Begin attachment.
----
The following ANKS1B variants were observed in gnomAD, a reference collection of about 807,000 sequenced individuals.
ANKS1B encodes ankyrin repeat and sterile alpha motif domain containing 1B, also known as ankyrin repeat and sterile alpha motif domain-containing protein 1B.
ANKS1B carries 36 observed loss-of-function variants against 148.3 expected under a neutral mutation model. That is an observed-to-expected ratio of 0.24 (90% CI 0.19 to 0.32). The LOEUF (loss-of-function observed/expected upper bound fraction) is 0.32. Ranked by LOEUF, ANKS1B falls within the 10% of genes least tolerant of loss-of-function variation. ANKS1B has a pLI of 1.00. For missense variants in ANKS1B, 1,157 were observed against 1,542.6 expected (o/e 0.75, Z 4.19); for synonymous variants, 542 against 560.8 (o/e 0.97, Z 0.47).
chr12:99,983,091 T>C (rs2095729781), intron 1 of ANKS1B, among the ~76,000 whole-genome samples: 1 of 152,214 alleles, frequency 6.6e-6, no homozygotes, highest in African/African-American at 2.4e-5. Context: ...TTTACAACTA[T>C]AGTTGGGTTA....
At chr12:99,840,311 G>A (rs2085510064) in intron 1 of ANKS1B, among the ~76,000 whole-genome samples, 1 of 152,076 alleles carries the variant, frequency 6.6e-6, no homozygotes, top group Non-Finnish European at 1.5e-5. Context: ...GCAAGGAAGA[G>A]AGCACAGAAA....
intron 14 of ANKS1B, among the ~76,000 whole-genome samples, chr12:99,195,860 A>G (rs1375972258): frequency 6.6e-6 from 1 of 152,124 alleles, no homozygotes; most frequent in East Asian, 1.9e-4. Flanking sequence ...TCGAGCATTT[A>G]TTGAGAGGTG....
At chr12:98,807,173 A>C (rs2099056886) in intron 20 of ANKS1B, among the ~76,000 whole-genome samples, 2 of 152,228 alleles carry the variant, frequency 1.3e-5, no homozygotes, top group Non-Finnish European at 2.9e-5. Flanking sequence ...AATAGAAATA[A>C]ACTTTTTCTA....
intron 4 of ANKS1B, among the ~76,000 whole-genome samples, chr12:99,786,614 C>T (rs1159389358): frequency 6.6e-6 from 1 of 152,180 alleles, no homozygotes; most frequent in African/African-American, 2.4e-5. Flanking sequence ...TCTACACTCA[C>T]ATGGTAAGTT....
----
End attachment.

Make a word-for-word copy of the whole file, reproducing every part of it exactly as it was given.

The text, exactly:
The following ANKS1B variants were observed in gnomAD, a reference collection of about 807,000 sequenced individuals.
ANKS1B encodes ankyrin repeat and sterile alpha motif domain containing 1B, also known as ankyrin repeat and sterile alpha motif domain-containing protein 1B.
ANKS1B carries 36 observed loss-of-function variants against 148.3 expected under a neutral mutation model. That is an observed-to-expected ratio of 0.24 (90% CI 0.19 to 0.32). The LOEUF (loss-of-function observed/expected upper bound fraction) is 0.32. Ranked by LOEUF, ANKS1B falls within the 10% of genes least tolerant of loss-of-function variation. ANKS1B has a pLI of 1.00. For missense variants in ANKS1B, 1,157 were observed against 1,542.6 expected (o/e 0.75, Z 4.19); for synonymous variants, 542 against 560.8 (o/e 0.97, Z 0.47).
chr12:99,983,091 T>C (rs2095729781), intron 1 of ANKS1B, among the ~76,000 whole-genome samples: 1 of 152,214 alleles, frequency 6.6e-6, no homozygotes, highest in African/African-American at 2.4e-5. Context: ...TTTACAACTA[T>C]AGTTGGGTTA....
At chr12:99,840,311 G>A (rs2085510064) in intron 1 of ANKS1B, among the ~76,000 whole-genome samples, 1 of 152,076 alleles carries the variant, frequency 6.6e-6, no homozygotes, top group Non-Finnish European at 1.5e-5. Context: ...GCAAGGAAGA[G>A]AGCACAGAAA....
intron 14 of ANKS1B, among the ~76,000 whole-genome samples, chr12:99,195,860 A>G (rs1375972258): frequency 6.6e-6 from 1 of 152,124 alleles, no homozygotes; most frequent in East Asian, 1.9e-4. Flanking sequence ...TCGAGCATTT[A>G]TTGAGAGGTG....
At chr12:98,807,173 A>C (rs2099056886) in intron 20 of ANKS1B, among the ~76,000 whole-genome samples, 2 of 152,228 alleles carry the variant, frequency 1.3e-5, no homozygotes, top group Non-Finnish European at 2.9e-5. Flanking sequence ...AATAGAAATA[A>C]ACTTTTTCTA....
intron 4 of ANKS1B, among the ~76,000 whole-genome samples, chr12:99,786,614 C>T (rs1159389358): frequency 6.6e-6 from 1 of 152,180 alleles, no homozygotes; most frequent in African/African-American, 2.4e-5. Flanking sequence ...TCTACACTCA[C>T]ATGGTAAGTT....